Pro Tip: Because this is a very short attraction (less than 30 seconds), it is recommended to combine a trip on this road with the activity immediately above. Or, make it a fun detour if you’re just passing through Lancaster.
Inside Kachina Hall at Antelope Valley Indian MuseumPhoto credit: Stan Thomas
8. Visit the Antelope Valley Indian Museum State Historic Park
Tucked away out in the middle of the desert, you’ll find the Antelope Valley Indian Museum State Historic Park. It was built in the 1920s and was constructed on, around, and between boulders of a bluff. Belying its size, the museum houses a huge collection of over 7,500 Native American artifacts. Admission is $3, but kids 12 and under are free. The museum is open Saturdays and Sundays from 11 a.m. to 4 p.m.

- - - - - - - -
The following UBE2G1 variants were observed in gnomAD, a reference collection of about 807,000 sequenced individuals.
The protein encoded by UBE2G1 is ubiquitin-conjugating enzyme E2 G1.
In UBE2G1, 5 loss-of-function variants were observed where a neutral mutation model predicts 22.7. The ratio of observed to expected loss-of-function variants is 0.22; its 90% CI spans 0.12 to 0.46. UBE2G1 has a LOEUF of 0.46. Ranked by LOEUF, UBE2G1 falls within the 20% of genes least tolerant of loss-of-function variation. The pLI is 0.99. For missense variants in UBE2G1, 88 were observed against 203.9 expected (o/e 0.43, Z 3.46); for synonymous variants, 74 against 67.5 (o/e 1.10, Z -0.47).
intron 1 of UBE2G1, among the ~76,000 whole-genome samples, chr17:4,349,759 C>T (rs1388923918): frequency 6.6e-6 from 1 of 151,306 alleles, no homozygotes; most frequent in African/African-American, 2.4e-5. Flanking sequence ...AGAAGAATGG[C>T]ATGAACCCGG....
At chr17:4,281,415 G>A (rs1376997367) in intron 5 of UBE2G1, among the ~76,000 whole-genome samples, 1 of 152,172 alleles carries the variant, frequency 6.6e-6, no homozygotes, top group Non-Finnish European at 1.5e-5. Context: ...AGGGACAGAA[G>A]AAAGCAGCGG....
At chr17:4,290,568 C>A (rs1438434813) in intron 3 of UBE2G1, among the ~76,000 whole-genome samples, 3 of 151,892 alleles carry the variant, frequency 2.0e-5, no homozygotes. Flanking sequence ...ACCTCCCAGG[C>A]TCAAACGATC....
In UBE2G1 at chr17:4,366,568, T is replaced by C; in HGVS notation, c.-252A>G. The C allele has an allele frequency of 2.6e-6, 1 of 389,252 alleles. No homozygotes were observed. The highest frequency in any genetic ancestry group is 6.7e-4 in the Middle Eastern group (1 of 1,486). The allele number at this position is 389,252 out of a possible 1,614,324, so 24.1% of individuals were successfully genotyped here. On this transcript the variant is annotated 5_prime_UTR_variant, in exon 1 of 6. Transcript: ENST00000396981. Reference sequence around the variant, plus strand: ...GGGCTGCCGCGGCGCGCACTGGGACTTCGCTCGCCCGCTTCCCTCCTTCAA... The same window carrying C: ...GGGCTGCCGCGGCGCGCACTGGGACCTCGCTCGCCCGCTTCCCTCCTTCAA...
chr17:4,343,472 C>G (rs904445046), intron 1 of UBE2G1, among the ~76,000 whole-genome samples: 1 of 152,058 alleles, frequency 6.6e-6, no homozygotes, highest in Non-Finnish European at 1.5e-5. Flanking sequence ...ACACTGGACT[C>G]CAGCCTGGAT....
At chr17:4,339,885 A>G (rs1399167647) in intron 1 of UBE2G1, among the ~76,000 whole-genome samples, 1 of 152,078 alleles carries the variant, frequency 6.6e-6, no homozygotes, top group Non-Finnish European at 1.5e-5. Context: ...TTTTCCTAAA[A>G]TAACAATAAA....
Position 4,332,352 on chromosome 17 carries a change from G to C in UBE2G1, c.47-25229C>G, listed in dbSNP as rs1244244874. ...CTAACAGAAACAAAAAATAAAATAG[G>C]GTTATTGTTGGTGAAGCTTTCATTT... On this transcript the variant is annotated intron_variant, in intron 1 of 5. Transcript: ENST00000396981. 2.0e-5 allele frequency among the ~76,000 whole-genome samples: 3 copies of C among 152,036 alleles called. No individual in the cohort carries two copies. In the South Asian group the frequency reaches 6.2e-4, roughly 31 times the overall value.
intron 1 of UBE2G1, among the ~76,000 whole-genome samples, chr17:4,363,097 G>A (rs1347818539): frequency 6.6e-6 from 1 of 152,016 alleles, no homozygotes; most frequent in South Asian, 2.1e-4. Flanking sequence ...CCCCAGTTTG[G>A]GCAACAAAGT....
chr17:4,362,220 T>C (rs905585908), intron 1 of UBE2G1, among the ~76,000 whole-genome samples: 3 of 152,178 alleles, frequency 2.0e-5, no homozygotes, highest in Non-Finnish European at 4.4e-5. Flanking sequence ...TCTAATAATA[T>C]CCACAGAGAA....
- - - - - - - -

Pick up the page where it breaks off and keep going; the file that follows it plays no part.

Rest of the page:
Pro Tip: The annual American Indian Celebration is held in October. It is a popular, well-attended event, and probably the best time to learn about the museum and its collection of artifacts.
Saddleback Butte State ParkPhoto credit: Stan Thomas
9. Explore Saddleback Butte State Park
Saddleback Butte State Park sits on a butte, offering great views of the valley below. On clear days, which the Antelope Valley has many of, the views are seemingly endless.
Saddleback Butte has a picnic area and a campground. Hiking and equestrian trails allow you to see more of the area from the higher elevations. Be advised the trails are dirt. Make sure to wear appropriate hiking or riding gear.
Pro Tip: The weather can get extreme, and there is not much protection from the elements. Summer temperatures easily top 100 degrees. Evening temperatures in winter frequently drop below freezing. Dress in layers and bring water if you plan to explore beyond the campground or picnic areas.